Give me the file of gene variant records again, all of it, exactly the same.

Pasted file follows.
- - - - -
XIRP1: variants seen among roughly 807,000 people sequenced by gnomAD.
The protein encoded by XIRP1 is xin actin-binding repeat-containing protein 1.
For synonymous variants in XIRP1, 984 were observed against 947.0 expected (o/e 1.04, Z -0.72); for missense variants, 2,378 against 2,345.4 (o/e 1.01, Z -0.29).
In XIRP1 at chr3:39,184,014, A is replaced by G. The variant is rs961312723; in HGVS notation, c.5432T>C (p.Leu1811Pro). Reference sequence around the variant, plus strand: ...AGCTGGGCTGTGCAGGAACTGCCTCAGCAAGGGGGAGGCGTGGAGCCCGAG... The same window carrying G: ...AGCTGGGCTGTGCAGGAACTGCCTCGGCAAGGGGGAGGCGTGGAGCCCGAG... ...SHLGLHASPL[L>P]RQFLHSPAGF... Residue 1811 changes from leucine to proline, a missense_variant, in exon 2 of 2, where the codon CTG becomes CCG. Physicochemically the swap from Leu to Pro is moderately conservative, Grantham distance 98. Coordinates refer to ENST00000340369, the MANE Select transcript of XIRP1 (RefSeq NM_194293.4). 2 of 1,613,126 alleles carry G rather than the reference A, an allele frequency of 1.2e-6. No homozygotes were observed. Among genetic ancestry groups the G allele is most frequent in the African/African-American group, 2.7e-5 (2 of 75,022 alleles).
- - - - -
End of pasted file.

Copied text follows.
XIRP1: variants seen among roughly 807,000 people sequenced by gnomAD.
The protein encoded by XIRP1 is xin actin-binding repeat-containing protein 1.
For synonymous variants in XIRP1, 984 were observed against 947.0 expected (o/e 1.04, Z -0.72); for missense variants, 2,378 against 2,345.4 (o/e 1.01, Z -0.29).
In XIRP1 at chr3:39,184,014, A is replaced by G. The variant is rs961312723; in HGVS notation, c.5432T>C (p.Leu1811Pro). Reference sequence around the variant, plus strand: ...AGCTGGGCTGTGCAGGAACTGCCTCAGCAAGGGGGAGGCGTGGAGCCCGAG... The same window carrying G: ...AGCTGGGCTGTGCAGGAACTGCCTCGGCAAGGGGGAGGCGTGGAGCCCGAG... ...SHLGLHASPL[L>P]RQFLHSPAGF... Residue 1811 changes from leucine to proline, a missense_variant, in exon 2 of 2, where the codon CTG becomes CCG. Physicochemically the swap from Leu to Pro is moderately conservative, Grantham distance 98. Coordinates refer to ENST00000340369, the MANE Select transcript of XIRP1 (RefSeq NM_194293.4). 2 of 1,613,126 alleles carry G rather than the reference A, an allele frequency of 1.2e-6. No homozygotes were observed. Among genetic ancestry groups the G allele is most frequent in the African/African-American group, 2.7e-5 (2 of 75,022 alleles).